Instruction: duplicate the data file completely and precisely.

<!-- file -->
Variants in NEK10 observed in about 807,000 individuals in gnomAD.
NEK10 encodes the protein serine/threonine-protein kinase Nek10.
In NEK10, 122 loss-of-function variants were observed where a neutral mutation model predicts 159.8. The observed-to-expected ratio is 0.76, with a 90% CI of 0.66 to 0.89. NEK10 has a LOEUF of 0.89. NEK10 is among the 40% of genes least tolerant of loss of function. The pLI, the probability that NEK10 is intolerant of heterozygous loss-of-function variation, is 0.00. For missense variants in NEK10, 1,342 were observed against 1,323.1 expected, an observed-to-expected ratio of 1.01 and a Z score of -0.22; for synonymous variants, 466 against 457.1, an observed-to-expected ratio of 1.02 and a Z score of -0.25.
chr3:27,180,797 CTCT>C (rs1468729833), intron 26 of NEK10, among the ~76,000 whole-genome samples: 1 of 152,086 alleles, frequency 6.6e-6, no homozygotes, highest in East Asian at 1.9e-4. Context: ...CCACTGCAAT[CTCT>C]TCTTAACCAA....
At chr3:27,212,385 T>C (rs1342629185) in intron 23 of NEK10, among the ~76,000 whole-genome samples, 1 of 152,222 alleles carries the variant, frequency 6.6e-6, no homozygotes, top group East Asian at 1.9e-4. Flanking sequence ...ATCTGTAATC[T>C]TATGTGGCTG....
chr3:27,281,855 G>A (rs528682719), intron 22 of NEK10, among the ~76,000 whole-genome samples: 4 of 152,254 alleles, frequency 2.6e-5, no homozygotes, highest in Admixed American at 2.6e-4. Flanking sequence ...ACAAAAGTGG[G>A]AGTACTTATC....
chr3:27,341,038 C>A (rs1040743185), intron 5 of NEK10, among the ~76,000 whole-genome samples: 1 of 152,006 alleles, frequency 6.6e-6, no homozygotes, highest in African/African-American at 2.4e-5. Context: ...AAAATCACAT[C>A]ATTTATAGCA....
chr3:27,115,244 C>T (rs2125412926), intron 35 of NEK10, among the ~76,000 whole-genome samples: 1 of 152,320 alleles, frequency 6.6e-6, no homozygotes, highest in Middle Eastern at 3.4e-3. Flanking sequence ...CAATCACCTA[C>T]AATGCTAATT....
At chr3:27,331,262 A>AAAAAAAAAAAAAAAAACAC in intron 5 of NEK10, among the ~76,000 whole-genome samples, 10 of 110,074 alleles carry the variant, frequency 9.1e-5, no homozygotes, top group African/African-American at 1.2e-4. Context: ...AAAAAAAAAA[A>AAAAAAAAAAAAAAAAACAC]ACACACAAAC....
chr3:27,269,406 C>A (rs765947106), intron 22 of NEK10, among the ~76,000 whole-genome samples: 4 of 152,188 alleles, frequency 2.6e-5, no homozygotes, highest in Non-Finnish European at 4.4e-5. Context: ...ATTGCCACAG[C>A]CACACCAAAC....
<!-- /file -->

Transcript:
Variants in NEK10 observed in about 807,000 individuals in gnomAD.
NEK10 encodes the protein serine/threonine-protein kinase Nek10.
In NEK10, 122 loss-of-function variants were observed where a neutral mutation model predicts 159.8. The observed-to-expected ratio is 0.76, with a 90% CI of 0.66 to 0.89. NEK10 has a LOEUF of 0.89. NEK10 is among the 40% of genes least tolerant of loss of function. The pLI, the probability that NEK10 is intolerant of heterozygous loss-of-function variation, is 0.00. For missense variants in NEK10, 1,342 were observed against 1,323.1 expected, an observed-to-expected ratio of 1.01 and a Z score of -0.22; for synonymous variants, 466 against 457.1, an observed-to-expected ratio of 1.02 and a Z score of -0.25.
chr3:27,180,797 CTCT>C (rs1468729833), intron 26 of NEK10, among the ~76,000 whole-genome samples: 1 of 152,086 alleles, frequency 6.6e-6, no homozygotes, highest in East Asian at 1.9e-4. Context: ...CCACTGCAAT[CTCT>C]TCTTAACCAA....
At chr3:27,212,385 T>C (rs1342629185) in intron 23 of NEK10, among the ~76,000 whole-genome samples, 1 of 152,222 alleles carries the variant, frequency 6.6e-6, no homozygotes, top group East Asian at 1.9e-4. Flanking sequence ...ATCTGTAATC[T>C]TATGTGGCTG....
chr3:27,281,855 G>A (rs528682719), intron 22 of NEK10, among the ~76,000 whole-genome samples: 4 of 152,254 alleles, frequency 2.6e-5, no homozygotes, highest in Admixed American at 2.6e-4. Flanking sequence ...ACAAAAGTGG[G>A]AGTACTTATC....
chr3:27,341,038 C>A (rs1040743185), intron 5 of NEK10, among the ~76,000 whole-genome samples: 1 of 152,006 alleles, frequency 6.6e-6, no homozygotes, highest in African/African-American at 2.4e-5. Context: ...AAAATCACAT[C>A]ATTTATAGCA....
chr3:27,115,244 C>T (rs2125412926), intron 35 of NEK10, among the ~76,000 whole-genome samples: 1 of 152,320 alleles, frequency 6.6e-6, no homozygotes, highest in Middle Eastern at 3.4e-3. Flanking sequence ...CAATCACCTA[C>T]AATGCTAATT....
At chr3:27,331,262 A>AAAAAAAAAAAAAAAAACAC in intron 5 of NEK10, among the ~76,000 whole-genome samples, 10 of 110,074 alleles carry the variant, frequency 9.1e-5, no homozygotes, top group African/African-American at 1.2e-4. Context: ...AAAAAAAAAA[A>AAAAAAAAAAAAAAAAACAC]ACACACAAAC....
chr3:27,269,406 C>A (rs765947106), intron 22 of NEK10, among the ~76,000 whole-genome samples: 4 of 152,188 alleles, frequency 2.6e-5, no homozygotes, highest in Non-Finnish European at 4.4e-5. Context: ...ATTGCCACAG[C>A]CACACCAAAC....